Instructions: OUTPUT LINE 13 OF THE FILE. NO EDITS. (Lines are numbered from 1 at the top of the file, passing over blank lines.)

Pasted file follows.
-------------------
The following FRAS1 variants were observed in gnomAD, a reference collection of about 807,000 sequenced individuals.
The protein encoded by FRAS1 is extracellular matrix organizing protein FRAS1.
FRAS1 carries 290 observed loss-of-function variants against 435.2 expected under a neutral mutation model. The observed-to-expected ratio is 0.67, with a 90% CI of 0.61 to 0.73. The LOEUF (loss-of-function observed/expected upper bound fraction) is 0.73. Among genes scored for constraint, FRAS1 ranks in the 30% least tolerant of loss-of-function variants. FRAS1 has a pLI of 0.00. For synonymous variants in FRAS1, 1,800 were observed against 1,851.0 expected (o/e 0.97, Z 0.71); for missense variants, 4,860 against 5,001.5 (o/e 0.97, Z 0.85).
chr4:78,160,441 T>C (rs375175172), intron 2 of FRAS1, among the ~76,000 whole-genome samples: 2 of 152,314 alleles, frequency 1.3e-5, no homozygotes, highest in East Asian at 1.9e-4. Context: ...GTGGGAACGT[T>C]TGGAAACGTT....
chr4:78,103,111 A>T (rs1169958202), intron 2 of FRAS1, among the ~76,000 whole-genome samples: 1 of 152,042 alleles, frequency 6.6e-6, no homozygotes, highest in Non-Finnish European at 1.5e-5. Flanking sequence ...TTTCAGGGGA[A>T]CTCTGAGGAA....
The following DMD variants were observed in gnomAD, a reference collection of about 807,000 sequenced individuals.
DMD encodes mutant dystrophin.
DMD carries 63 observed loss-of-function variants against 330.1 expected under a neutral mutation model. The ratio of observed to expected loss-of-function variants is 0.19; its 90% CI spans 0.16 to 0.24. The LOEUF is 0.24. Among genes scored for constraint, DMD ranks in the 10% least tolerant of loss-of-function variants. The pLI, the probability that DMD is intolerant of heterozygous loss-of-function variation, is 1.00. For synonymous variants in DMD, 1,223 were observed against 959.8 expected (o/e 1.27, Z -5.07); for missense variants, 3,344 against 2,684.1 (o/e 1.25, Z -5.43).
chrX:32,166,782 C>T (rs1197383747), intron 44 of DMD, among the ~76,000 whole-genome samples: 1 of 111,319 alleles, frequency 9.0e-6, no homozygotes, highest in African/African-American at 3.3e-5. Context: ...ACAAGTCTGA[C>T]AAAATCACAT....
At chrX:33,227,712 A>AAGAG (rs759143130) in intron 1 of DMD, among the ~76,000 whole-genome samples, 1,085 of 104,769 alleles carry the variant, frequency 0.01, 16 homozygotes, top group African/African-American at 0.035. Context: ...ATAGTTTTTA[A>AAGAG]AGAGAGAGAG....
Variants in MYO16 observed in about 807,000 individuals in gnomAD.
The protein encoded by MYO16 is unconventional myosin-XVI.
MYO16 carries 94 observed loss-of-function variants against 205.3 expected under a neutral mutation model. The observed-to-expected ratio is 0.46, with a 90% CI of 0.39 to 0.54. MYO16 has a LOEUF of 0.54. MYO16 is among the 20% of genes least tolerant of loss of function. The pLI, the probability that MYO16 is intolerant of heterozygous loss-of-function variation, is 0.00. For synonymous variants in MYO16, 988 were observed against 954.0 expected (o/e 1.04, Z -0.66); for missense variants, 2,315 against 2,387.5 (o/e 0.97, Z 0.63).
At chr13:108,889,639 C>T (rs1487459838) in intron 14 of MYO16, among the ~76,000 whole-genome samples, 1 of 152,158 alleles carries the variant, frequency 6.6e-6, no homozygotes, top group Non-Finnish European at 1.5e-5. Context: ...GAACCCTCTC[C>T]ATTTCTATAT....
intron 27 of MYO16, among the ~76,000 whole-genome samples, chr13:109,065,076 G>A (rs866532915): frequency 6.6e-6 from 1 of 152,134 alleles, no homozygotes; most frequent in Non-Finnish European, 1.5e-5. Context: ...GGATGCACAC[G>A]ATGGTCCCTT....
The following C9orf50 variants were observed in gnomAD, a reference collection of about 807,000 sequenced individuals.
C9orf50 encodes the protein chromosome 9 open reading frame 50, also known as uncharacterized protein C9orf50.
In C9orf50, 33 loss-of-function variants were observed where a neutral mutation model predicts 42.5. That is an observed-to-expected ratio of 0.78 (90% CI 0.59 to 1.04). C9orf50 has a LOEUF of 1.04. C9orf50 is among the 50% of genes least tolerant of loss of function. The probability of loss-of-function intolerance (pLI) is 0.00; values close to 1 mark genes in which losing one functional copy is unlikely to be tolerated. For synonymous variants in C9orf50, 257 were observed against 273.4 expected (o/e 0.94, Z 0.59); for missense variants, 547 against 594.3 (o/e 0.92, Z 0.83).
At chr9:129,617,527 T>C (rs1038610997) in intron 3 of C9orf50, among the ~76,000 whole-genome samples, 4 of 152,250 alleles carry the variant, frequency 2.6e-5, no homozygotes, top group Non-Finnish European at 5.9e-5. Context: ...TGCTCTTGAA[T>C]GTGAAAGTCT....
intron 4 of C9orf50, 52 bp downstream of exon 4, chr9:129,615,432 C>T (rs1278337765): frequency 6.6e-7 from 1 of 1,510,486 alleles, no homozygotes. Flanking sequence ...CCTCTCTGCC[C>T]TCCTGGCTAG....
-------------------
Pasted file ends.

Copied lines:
MYO16 carries 94 observed loss-of-function variants against 205.3 expected under a neutral mutation model. The observed-to-expected ratio is 0.46, with a 90% CI of 0.39 to 0.54. MYO16 has a LOEUF of 0.54. MYO16 is among the 20% of genes least tolerant of loss of function. The pLI, the probability that MYO16 is intolerant of heterozygous loss-of-function variation, is 0.00. For synonymous variants in MYO16, 988 were observed against 954.0 expected (o/e 1.04, Z -0.66); for missense variants, 2,315 against 2,387.5 (o/e 0.97, Z 0.63).